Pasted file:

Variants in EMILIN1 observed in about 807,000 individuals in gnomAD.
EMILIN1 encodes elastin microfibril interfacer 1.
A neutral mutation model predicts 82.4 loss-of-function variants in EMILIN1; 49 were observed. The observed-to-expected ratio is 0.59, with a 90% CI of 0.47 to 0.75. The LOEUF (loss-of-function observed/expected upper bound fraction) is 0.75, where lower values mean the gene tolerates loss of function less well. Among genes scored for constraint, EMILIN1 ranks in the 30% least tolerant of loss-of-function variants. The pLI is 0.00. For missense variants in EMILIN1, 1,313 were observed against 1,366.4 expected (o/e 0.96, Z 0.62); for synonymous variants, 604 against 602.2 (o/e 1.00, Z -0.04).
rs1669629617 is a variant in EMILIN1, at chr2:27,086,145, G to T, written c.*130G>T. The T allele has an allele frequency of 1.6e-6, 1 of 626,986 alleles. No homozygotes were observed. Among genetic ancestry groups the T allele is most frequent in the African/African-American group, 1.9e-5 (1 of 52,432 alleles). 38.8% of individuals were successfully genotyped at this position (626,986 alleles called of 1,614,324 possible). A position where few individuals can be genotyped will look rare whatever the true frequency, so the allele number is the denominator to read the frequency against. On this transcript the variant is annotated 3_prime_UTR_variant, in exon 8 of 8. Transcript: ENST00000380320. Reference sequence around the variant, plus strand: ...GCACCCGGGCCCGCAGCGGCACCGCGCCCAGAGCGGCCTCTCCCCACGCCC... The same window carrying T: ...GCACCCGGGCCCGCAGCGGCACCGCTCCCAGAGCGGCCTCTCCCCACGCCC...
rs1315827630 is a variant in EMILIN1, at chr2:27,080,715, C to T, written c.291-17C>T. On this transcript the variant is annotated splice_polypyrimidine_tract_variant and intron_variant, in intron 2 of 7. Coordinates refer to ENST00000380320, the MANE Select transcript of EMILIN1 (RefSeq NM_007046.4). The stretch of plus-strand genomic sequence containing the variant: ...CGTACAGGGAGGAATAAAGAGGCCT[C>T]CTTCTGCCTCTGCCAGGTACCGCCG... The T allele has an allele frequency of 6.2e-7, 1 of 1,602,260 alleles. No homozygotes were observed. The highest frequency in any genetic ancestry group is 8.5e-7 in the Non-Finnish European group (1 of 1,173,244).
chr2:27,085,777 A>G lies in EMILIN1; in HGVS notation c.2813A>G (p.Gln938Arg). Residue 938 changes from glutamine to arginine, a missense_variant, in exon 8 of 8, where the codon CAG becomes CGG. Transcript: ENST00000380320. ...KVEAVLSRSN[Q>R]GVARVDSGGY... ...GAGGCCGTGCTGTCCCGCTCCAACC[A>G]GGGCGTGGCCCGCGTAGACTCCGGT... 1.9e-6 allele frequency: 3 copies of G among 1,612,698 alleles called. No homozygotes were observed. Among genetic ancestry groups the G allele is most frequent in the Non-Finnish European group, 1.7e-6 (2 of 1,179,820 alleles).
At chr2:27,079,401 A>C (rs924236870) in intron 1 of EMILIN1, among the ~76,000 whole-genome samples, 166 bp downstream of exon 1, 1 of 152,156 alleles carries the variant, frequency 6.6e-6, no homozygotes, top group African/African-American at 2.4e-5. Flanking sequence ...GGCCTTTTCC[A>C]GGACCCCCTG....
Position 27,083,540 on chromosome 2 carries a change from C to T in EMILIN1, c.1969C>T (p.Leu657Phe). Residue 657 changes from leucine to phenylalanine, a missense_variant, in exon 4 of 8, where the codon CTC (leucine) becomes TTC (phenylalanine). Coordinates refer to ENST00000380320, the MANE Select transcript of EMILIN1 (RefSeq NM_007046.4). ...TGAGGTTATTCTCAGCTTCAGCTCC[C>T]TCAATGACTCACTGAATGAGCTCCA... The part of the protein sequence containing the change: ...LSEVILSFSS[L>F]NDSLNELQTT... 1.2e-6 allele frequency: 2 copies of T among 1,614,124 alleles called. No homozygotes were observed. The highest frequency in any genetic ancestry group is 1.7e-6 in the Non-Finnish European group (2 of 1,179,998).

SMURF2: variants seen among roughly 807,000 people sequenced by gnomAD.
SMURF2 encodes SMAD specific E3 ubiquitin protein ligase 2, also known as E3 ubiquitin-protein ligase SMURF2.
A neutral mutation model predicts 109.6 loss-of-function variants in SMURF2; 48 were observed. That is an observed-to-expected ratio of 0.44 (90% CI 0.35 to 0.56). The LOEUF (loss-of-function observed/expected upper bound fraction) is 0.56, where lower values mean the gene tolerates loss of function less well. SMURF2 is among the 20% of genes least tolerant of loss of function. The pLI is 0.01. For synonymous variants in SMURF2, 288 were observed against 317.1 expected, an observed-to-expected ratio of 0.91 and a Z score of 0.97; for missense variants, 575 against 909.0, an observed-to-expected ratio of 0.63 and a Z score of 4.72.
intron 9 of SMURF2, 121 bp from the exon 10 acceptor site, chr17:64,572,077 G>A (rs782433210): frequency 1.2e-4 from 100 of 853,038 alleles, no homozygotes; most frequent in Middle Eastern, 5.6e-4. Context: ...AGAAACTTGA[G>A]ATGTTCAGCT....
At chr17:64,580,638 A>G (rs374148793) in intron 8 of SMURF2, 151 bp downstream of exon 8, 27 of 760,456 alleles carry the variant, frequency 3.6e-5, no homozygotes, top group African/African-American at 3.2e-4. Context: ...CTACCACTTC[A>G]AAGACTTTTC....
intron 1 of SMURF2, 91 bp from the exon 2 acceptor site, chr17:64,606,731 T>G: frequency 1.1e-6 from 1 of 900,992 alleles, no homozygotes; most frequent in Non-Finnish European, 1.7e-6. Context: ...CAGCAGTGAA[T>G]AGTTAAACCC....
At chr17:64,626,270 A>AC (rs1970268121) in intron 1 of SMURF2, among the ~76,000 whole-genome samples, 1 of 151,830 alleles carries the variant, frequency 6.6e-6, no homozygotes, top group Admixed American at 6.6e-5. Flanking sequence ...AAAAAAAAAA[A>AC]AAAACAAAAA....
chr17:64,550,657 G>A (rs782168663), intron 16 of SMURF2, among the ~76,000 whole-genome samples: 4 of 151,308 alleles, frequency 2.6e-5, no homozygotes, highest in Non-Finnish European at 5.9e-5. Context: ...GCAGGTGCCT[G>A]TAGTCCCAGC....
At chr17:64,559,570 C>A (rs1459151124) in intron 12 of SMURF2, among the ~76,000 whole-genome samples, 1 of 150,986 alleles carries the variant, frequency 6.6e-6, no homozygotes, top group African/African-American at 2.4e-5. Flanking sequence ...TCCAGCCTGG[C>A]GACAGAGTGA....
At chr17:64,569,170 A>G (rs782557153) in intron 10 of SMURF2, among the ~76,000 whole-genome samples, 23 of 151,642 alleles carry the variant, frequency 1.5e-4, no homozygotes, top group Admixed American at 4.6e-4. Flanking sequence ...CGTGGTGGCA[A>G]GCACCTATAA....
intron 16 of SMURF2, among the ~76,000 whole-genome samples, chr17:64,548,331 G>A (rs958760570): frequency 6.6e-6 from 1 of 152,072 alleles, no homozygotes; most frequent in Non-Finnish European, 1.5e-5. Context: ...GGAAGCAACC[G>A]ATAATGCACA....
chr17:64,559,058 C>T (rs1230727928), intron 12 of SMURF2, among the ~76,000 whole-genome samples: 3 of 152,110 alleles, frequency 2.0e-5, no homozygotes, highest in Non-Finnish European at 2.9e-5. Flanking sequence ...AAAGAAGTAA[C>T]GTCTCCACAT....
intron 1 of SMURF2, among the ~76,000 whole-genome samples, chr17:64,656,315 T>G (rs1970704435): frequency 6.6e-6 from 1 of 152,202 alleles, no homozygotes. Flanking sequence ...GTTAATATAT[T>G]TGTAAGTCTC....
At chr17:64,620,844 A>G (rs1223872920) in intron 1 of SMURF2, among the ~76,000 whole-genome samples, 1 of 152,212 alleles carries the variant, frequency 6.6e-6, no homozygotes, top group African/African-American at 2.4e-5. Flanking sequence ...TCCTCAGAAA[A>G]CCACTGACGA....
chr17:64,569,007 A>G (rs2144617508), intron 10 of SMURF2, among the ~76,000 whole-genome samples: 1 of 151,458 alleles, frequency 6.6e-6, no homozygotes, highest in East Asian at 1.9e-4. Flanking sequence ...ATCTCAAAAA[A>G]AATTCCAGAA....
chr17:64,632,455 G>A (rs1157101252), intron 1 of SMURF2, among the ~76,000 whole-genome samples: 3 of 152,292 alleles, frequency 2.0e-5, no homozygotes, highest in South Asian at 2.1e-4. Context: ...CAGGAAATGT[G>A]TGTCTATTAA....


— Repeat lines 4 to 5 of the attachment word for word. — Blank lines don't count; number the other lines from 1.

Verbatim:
rs1669629617 is a variant in EMILIN1, at chr2:27,086,145, G to T, written c.*130G>T. The T allele has an allele frequency of 1.6e-6, 1 of 626,986 alleles. No homozygotes were observed. Among genetic ancestry groups the T allele is most frequent in the African/African-American group, 1.9e-5 (1 of 52,432 alleles). 38.8% of individuals were successfully genotyped at this position (626,986 alleles called of 1,614,324 possible). A position where few individuals can be genotyped will look rare whatever the true frequency, so the allele number is the denominator to read the frequency against. On this transcript the variant is annotated 3_prime_UTR_variant, in exon 8 of 8. Transcript: ENST00000380320. Reference sequence around the variant, plus strand: ...GCACCCGGGCCCGCAGCGGCACCGCGCCCAGAGCGGCCTCTCCCCACGCCC... The same window carrying T: ...GCACCCGGGCCCGCAGCGGCACCGCTCCCAGAGCGGCCTCTCCCCACGCCC...
rs1315827630 is a variant in EMILIN1, at chr2:27,080,715, C to T, written c.291-17C>T. On this transcript the variant is annotated splice_polypyrimidine_tract_variant and intron_variant, in intron 2 of 7. Coordinates refer to ENST00000380320, the MANE Select transcript of EMILIN1 (RefSeq NM_007046.4). The stretch of plus-strand genomic sequence containing the variant: ...CGTACAGGGAGGAATAAAGAGGCCT[C>T]CTTCTGCCTCTGCCAGGTACCGCCG... The T allele has an allele frequency of 6.2e-7, 1 of 1,602,260 alleles. No homozygotes were observed. The highest frequency in any genetic ancestry group is 8.5e-7 in the Non-Finnish European group (1 of 1,173,244).